As the Taliban take control, there are increasing concerns about US terror threats

The top American general warned Sunday that terrorist threats could rise from a Taliban-ruled Afghanistan.

As the Taliban take control, there are increasing concerns about US terror threats

This warning comes as intelligence agencies charged to anticipate those threats are now facing new questions following the collapse of the U.S.-backed Afghan military with astonishing speed.

A week and a half after a military assessment said Kabul would be surrounded within 30 days, Sunday's spectacular scenes showed Taliban fighters occupying the Afghan president's office. There were also crowds of Afghans trying desperately to board planes to flee the country.

On Sunday, Gen. Mark Milley (chairman of the Joint Chiefs of Staff) told senators that U.S. officials will alter their earlier assessments regarding the pace of terrorist groups reconstituting themselves in Afghanistan. A person who is familiar with the matter said to The Associated Press.

In June, the Pentagon's top leaders said an extremist group like al-Qaida may be able to regenerate in Afghanistan and pose a threat to the U.S. homeland within two years of the American military's withdrawal from the country. Experts say that the Taliban and al-Qaida are still aligned two decades after the U.S. invaded Afghanistan to expel Taliban leaders. Other violent groups may also be able to find refuge under the new regime.

According to an official who was directly informed of the briefing, but not authorized to speak publicly about the details, officials believe that terror groups such as al-Qaida could grow faster than anticipated. The person spoke to the AP under anonymity.

According to a person familiar with the matter, officials from the Biden administration who spoke with senators -- including Milley, Secretary Of State Antony Blinken, and Defense Secretary Lloyd Austin - said that U.S. intelligence agencies were working to create a new timeline on the basis of evolving threats.

On Sunday, former and current intelligence officials reacted to criticisms of the failure of agencies to predict how quickly Kabul might fall. A senior intelligence official stated that "a rapid Taliban takeover was always possible" and added: "As they advanced, they eventually met with little resistance." This was something we have known for a long time, and it is possible. Tactical conditions on the ground can sometimes change quickly," the official said. He was not allowed to speak publicly and was permitted to do so on condition of anonymity.

At a July 8 news conference Joe Biden said that "the likelihood there's going be the Taliban overrunning all of it and owning the entire country is highly unlikely." "

The decreased U.S. troop presence, which was down to 2,500 troops at Trump's end, may have adversely affected intelligence efforts in Afghanistan. Robert Ashley, a retired Lt. General, was the leader of the Defense Intelligence Agency from October to December. He said that having less Americans embedded with Afghan forces meant that there was less insight into their performance.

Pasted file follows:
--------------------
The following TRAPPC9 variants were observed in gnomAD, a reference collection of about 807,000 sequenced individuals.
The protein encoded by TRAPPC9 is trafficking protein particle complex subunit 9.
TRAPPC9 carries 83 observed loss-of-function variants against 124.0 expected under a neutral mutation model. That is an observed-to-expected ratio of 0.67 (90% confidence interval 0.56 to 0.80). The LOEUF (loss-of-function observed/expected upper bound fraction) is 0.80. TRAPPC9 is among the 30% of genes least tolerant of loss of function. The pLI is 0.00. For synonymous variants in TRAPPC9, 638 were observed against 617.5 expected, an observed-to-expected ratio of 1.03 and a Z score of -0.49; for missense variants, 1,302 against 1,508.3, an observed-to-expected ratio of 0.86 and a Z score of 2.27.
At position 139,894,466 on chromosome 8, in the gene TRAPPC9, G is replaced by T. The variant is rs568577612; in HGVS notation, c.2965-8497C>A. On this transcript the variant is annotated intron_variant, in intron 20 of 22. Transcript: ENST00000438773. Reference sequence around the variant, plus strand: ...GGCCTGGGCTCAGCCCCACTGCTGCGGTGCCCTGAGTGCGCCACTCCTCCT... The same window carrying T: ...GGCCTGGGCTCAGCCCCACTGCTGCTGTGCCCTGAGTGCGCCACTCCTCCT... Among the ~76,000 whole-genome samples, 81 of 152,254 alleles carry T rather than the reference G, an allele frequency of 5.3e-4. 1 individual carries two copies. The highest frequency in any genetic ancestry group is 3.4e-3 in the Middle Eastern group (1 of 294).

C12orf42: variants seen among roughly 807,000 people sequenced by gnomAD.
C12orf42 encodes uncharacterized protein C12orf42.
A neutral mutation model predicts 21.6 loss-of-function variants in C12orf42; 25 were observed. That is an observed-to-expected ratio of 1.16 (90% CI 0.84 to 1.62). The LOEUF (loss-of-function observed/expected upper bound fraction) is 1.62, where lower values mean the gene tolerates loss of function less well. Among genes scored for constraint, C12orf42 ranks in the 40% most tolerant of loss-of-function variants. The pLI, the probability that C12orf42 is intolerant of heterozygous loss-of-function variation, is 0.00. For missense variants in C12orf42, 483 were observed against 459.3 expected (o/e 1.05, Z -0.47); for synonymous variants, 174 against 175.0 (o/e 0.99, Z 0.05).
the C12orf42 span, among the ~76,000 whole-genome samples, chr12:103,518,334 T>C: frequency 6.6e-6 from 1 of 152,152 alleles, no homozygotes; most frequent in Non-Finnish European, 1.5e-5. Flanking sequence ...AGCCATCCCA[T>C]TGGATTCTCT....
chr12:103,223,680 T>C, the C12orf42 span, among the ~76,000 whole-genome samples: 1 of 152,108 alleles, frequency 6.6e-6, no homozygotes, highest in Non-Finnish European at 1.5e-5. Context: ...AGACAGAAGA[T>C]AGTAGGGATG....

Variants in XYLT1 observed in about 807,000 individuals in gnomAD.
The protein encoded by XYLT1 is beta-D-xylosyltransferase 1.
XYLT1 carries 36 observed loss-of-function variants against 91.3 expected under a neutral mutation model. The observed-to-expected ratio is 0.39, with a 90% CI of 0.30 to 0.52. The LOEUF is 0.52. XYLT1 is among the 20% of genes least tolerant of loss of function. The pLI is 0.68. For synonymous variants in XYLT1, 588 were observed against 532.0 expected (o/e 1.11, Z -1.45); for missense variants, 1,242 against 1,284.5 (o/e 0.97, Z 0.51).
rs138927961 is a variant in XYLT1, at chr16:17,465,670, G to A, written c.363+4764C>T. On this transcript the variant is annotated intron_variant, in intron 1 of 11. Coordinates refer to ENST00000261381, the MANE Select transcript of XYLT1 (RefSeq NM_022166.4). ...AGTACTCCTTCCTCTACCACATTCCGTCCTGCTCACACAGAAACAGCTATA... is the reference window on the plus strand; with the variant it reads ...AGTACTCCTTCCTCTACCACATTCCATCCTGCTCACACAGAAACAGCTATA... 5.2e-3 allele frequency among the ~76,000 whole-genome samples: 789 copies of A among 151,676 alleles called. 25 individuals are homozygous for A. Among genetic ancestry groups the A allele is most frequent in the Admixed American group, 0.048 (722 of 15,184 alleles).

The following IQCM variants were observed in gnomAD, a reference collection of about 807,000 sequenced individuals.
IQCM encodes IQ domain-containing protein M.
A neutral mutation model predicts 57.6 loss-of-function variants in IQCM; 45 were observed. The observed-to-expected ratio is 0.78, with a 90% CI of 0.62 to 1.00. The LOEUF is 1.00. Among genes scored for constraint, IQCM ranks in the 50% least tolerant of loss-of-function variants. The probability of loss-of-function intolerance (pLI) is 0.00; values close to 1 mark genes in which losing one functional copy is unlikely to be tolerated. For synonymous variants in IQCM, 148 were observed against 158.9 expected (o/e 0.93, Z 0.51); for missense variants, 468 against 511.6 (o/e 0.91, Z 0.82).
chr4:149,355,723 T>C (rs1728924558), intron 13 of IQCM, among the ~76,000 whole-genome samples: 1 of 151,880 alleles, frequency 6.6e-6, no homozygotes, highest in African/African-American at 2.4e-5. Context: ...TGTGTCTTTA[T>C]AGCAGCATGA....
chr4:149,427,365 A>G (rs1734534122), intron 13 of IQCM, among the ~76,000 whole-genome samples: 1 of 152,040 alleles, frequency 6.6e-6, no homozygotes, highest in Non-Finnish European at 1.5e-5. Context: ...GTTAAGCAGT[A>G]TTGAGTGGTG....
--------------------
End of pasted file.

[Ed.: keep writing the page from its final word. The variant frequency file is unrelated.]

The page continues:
Ashley stated that it was very difficult to gauge morale at the unit-level because people aren't there anymore. "And I wouldn’t be surprised if Afghan leaders tell us what we want to hear."

With the Taliban under control and U.S. troops leaving, it will be more difficult to monitor terrorist threats in Afghanistan. The intelligence agencies of Afghanistan work alongside the troops. The military presence in Afghanistan is not required for spying. This limits the information that spies can gather about the Taliban support and the morale of Afghan troops.

Marc Polymeropoulos, a 26-year veteran of the CIA, stated that if they leave, as they did, it means that we too must leave. "And that definitely affects our intelligence gathering footprint."

Senator Chris Murphy of Connecticut, a Democratic member on the Senate Foreign Relations Committee said that after evacuations have been settled, "our focus will shift" to intelligence and counterterrorism activities. He said that the U.S. must ensure it is able to track whether Al Qaeda has reconstituted there.

"The Taliban has many reasons to respect their agreement with the United States, and keep al-Qaida away from them," he said. He said that our task now was to monitor and verify this commitment.

Tensions rose when U.S. national-security officials briefed House members. Republican leader Kevin McCarthy became furious after the administration officials would not confirm that President Ashraf Ghani had left the country, according to a person who participated in the meeting.

McCarthy asked, "Why aren't we doing it now?"

Ghani left the country on Sunday as Taliban insurgents closed in. He posted on Facebook that his decision to leave the country was to avoid bloodshed in the capital. He didn't say where he went.

Rep. Michael Waltz of Florida, a Republican and Green Beret who was in Afghanistan during World War II, sharply criticised the briefing for being "a regurgitation" of Saturday's president's statement.

Waltz claimed Austin was to blame for the Afghan forces' inability to fight. Blinken, however, cited the date set by the former President Donald Trump's administration as a reason for the American withdrawal.

Waltz stated that there was no discussion about a way forward, except for vague assurances that they would protect the homeland.

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